An abrupt and cascading shortage of semiconductors has caused car manufactures and premium bike makers curtail production across categories.
GS-III: Industry and Infrastructure (Industrial Policy and Indigenization of Production and Technology, Government policies and Interventions)
Dimensions of the Article:
- Why are semiconductor chips important?
- Why are there shortages?
- What is the impact of the chip famine?
- Indian electronics sector
Why are semiconductor chips important?
- The number of transistors mounted in IC circuit chips has doubled every two years.
- Notably, the increase in chip consumption over the last decade is also partly attributable to the rising contribution of electronic components in a car’s bill of materials.
- Electronic parts and components today account for 40% of the cost of a new internal combustion engine car, up from less than 20% two decades ago. Chips account for a bulk of this increase.
Why are there shortages?
- The stay-at-home shift: This pushed chip demand beyond levels projected before the pandemic. Lockdowns spurred growth in sales of laptops to the highest in a decade. Sales also jumped for home appliances, from TVs to air purifiers, that now come with customized chips.
- Fluctuating forecasts: Automakers that cut back drastically early in the pandemic underestimated how quickly car sales would rebound. They rushed to re-up orders late in 2020, only to get turned away because chipmakers were stretched supplying computing and smartphone giants like Apple Inc.
- Stockpiling: PC makers began warning about tight supplies early in 2020 and then around the middle of 2020 – they began building up inventory to ensure it could survive U.S. sanctions that were set to cut it off from its primary suppliers.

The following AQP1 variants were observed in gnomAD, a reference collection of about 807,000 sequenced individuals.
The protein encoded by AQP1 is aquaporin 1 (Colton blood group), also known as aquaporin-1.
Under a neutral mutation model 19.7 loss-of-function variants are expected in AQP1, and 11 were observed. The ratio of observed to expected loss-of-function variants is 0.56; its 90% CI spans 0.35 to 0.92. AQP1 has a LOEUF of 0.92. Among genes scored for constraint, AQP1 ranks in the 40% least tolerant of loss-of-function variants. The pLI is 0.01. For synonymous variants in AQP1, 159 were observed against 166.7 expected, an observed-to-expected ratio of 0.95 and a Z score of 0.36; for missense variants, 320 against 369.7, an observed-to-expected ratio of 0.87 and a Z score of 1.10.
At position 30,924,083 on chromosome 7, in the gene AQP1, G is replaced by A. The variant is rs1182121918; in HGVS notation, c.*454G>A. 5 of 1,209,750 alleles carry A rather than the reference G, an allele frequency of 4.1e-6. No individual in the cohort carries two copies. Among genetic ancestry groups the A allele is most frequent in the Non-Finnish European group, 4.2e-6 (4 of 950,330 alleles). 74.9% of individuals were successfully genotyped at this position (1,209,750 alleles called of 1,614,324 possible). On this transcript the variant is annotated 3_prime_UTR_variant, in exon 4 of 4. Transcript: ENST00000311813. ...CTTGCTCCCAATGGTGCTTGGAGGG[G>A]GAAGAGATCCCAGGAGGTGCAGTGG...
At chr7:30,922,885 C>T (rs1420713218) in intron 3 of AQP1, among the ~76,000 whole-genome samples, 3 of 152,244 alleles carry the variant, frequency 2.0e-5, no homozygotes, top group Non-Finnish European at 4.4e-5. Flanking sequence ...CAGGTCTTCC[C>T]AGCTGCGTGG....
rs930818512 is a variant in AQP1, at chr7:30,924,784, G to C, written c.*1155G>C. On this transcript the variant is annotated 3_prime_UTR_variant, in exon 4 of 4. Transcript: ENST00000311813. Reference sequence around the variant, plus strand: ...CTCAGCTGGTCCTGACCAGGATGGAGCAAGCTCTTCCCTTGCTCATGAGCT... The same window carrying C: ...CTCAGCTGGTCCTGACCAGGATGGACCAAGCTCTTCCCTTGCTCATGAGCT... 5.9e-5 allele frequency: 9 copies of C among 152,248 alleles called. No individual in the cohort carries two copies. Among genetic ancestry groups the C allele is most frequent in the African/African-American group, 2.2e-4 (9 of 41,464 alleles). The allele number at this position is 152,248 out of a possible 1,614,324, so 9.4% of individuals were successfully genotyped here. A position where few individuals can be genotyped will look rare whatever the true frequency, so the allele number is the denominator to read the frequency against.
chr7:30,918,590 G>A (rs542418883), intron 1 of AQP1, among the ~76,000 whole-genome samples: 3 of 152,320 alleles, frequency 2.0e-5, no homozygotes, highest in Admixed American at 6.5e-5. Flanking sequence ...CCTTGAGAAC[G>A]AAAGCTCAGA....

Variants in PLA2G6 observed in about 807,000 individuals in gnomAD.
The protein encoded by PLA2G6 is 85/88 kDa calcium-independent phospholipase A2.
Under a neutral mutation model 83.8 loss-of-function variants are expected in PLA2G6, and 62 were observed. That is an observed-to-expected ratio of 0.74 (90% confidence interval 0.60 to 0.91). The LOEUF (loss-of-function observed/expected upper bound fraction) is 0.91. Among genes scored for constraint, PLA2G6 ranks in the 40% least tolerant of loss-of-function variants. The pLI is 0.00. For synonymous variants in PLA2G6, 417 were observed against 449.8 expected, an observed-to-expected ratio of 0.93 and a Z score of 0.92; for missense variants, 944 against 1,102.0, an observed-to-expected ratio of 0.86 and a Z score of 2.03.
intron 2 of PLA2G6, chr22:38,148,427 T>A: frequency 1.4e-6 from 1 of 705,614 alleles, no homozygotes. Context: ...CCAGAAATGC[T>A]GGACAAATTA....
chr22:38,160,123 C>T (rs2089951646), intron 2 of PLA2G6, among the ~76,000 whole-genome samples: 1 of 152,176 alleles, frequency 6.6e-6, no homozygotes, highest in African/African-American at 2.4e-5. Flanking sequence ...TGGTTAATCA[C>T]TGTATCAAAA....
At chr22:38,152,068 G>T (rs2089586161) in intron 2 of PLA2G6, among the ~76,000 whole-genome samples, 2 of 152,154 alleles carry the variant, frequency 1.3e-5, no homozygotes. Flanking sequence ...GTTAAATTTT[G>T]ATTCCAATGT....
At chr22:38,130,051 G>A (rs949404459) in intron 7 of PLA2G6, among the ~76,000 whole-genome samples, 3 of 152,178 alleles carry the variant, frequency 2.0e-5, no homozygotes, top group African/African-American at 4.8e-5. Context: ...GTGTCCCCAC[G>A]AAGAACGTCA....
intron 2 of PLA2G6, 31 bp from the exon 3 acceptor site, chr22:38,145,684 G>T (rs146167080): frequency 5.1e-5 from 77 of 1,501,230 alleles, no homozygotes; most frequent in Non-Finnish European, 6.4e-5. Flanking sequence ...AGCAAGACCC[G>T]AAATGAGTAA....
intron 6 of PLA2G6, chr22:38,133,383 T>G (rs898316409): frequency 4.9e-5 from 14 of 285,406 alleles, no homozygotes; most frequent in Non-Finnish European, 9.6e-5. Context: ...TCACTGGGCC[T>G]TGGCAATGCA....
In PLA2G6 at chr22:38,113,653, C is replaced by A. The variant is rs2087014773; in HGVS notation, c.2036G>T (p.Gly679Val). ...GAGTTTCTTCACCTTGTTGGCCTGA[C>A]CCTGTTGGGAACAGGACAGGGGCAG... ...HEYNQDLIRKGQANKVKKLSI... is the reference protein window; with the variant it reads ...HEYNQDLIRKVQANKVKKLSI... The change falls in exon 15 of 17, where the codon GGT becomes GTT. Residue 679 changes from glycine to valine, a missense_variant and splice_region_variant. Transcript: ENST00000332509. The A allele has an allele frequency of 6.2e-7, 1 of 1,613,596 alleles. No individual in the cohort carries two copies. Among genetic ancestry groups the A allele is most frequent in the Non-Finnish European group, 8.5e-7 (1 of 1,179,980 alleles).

What is the impact of the chip famine?
- Consumers of semiconductor chips, which are mainly car manufacturers and consumer electronics manufactures, have not been receiving enough of this crucial input to continue production.
- Chip shortage is measured in chip lead time, which is the gap between when a chip is ordered and when it is delivered.
- With just-in-time deliveries, carmakers typically kept low inventory holdings and relied on an electronics industry supply chain to feed production lines as per demand. There were two reasons for this: a steady decline in input prices and improvements in the processing power of chips.
Indian electronics sector
- The Indian electronics sector is tremendously growing with the demand expected to cross USD 400 billion by 2023-24.
- Domestic production has grown from USD 29 billion in 2014-15 to nearly USD 70 billion in 2019-20 (Compounded Annual Growth Rate of 25%).
- Despite the impressive growth of electronic production in India, the net value added by production units is very low. The net value addition ranges between 5% and 15%, as most components are imported rather than locally sourced.
- In the era of global supply chains, the value addition at the final stages of production is very low, especially in electronics because the more complicated processes, involving greater value addition, occur prior to assembly, in ‘upstream’ industries.
- Currently, these imports nearly constitute 80% of these components, with approximately 67% of the imports coming from China alone.
- In the absence of foundries (semiconductor fabrication plants where microchips are produced), India has to rely on foreign contractors to produce microchips. – [There are about 170 commercial foundries globally but India does not have a single one.]
- Chip manufacturers like Intel, TSMC and Samsung choose other countries instead of India citing uncertain domestic demand and poor cost efficiencies here.
-Source: The Hindu